The Bombay High Court has confirmed the conviction of nine men from a Raigad village panchayat who had forcibly married off a boy and a girl, both minors, 19 years ago after objecting to their meeting.
Stating that every person has a right to choose his or her partner, Justice Mridula Bhatkar observed, “In child marriage, on decision taken by panchayat, such right to choose is violated…”
The court was hearing the appeal of the nine accused who had challenged their conviction. These men had been sentenced under the Child Marriage (Restraint) Act, 1929 and for kidnapping the two youngsters. “The village folk had acted as a khap panchayat,” the prosecution told the court.
- Study crime against children, juveniles in conflict with law: Bombay HC to Maharashtra government
- 2002 Ode massacre: Gujarat HC acquits three, upholds conviction of 19 others
- Gujarat HC upholds sentences of 19 people in Ode riots case
- Bombay HC upholds conviction of juvenile among four accused of gangrape
- Bombay High Court acquits man of rape charges on grounds of ‘deep love affair’
- Bombay High Court upholds 10-year jail term for duo who raped pregnant woman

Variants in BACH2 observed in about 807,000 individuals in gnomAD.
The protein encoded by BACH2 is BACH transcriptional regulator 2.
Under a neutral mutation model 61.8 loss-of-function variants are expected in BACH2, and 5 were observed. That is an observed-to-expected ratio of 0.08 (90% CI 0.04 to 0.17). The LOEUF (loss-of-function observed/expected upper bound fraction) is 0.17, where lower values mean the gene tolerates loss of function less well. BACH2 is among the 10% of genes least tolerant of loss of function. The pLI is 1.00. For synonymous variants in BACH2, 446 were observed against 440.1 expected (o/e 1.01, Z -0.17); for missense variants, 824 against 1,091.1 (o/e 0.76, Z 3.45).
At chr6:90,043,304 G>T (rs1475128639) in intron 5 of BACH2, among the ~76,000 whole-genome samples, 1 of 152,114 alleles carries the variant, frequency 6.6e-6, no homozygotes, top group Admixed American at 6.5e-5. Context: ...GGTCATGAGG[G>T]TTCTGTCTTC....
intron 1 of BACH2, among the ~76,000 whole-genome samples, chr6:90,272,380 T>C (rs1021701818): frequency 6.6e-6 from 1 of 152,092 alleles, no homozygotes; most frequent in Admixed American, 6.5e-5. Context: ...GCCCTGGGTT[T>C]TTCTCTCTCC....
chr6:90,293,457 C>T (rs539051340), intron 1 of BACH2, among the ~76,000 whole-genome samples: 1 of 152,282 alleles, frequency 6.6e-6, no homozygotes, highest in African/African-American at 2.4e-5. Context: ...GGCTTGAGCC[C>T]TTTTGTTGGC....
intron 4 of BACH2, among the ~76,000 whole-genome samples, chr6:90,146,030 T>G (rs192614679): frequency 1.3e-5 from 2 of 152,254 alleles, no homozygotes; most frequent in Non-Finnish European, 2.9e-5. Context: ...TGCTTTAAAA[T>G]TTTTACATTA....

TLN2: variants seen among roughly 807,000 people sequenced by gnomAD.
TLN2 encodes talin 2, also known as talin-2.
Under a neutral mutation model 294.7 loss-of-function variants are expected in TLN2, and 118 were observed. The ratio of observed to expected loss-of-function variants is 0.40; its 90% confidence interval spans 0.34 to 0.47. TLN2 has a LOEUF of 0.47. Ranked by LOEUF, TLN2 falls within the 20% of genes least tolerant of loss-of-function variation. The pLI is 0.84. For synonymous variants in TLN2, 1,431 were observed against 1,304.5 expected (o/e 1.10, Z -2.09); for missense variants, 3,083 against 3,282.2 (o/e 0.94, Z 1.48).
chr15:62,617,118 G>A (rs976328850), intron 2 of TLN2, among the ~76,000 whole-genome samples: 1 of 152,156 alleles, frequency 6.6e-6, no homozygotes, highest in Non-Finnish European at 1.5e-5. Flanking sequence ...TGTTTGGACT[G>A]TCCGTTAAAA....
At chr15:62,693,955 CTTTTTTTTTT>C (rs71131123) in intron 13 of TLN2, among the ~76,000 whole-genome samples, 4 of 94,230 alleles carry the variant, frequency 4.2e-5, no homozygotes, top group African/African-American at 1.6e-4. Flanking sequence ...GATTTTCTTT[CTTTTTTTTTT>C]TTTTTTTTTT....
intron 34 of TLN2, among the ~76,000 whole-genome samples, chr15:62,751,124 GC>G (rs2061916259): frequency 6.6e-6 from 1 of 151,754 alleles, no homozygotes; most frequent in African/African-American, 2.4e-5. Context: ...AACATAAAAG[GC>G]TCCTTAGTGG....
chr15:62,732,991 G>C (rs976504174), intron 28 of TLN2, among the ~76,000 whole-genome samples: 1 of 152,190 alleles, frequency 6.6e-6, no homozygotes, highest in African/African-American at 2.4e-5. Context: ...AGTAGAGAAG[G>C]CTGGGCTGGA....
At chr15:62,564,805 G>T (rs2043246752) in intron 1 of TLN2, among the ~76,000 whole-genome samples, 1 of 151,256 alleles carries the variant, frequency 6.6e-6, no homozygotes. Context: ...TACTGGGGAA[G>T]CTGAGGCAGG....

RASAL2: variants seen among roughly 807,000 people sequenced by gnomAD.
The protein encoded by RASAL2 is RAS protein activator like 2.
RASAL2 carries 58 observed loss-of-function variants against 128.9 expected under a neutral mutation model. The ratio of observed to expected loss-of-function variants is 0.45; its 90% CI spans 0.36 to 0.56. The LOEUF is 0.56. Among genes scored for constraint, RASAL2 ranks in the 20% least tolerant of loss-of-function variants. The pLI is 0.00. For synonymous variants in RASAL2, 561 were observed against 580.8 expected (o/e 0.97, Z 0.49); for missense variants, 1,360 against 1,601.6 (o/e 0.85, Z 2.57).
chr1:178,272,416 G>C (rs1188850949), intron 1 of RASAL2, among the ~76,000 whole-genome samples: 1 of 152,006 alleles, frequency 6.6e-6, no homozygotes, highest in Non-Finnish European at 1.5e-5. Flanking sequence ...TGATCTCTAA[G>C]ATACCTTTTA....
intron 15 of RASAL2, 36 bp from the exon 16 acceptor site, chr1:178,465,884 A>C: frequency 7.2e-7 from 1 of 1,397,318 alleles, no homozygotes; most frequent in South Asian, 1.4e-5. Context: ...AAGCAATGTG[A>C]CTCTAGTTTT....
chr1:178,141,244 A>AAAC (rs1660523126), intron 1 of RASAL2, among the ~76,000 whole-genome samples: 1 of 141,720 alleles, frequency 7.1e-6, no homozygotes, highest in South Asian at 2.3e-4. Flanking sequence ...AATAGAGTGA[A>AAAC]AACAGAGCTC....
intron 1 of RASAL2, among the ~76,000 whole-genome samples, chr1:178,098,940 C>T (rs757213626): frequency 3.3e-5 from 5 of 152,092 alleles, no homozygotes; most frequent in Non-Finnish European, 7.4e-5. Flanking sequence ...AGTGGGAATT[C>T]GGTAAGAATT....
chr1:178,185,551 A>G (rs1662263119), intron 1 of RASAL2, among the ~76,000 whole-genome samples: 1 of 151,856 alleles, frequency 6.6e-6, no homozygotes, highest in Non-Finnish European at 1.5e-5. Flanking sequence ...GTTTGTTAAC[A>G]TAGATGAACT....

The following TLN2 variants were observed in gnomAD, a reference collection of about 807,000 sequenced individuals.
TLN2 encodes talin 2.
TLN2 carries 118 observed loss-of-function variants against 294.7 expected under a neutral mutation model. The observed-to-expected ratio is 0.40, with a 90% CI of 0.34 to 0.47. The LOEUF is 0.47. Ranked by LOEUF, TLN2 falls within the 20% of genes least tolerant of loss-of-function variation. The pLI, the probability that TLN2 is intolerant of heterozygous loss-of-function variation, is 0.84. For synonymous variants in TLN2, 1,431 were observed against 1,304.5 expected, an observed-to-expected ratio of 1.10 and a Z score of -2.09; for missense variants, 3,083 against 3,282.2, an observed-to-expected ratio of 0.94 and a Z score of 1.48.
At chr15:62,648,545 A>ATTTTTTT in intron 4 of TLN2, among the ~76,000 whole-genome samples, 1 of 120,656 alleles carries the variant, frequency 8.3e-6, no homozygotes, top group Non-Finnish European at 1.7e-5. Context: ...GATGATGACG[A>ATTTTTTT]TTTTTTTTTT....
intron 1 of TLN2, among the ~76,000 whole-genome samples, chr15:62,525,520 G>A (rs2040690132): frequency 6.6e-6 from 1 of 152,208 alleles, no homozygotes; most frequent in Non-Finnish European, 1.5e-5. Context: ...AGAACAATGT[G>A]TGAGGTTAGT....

“The accused unfortunately believed that meeting by young persons of opposite sex and talking with each other or having an affair is immoral and harmful to the society,” said Justice Bhatkar, adding that the villagers found it difficult to “digest” the youngsters’ friendship and compelled them to marry.
The accused did not approve of the boy and the girl meeting each other. They kidnapped the girl and forced her to marry the boy on January 9, 1994. Upset with the wedding, the girl’s mother filed a complaint with the police, which investigated the case and filed the chargesheet. The case went to the sessions court.
The lawyer of the nine accused argued that the proof of age submitted by the girl was doubtful. He also claimed that the sessions court had no jurisdiction to convict the men as only a magistrate court could have tried a Child Marriage (restraint) Act case. The lawyer also argued that there was no marriage in reality as per Hindu rites. However, the court stressed, even if it was engagement, called sakharpuda, the submissions were not convincing.
“The girl has said she was given a green saree; there was homam; they performed all rituals…before the priest…” observed the court, adding that she even started living at the boy’s house. Stating that the prosecution had proved beyond doubt that the girl, who was 15 years and three months old in 1994, was forcibly taken from her mother’s guardianship, the court upheld the conviction of the accused but modified their punishment to a maximum of one month’s jail term.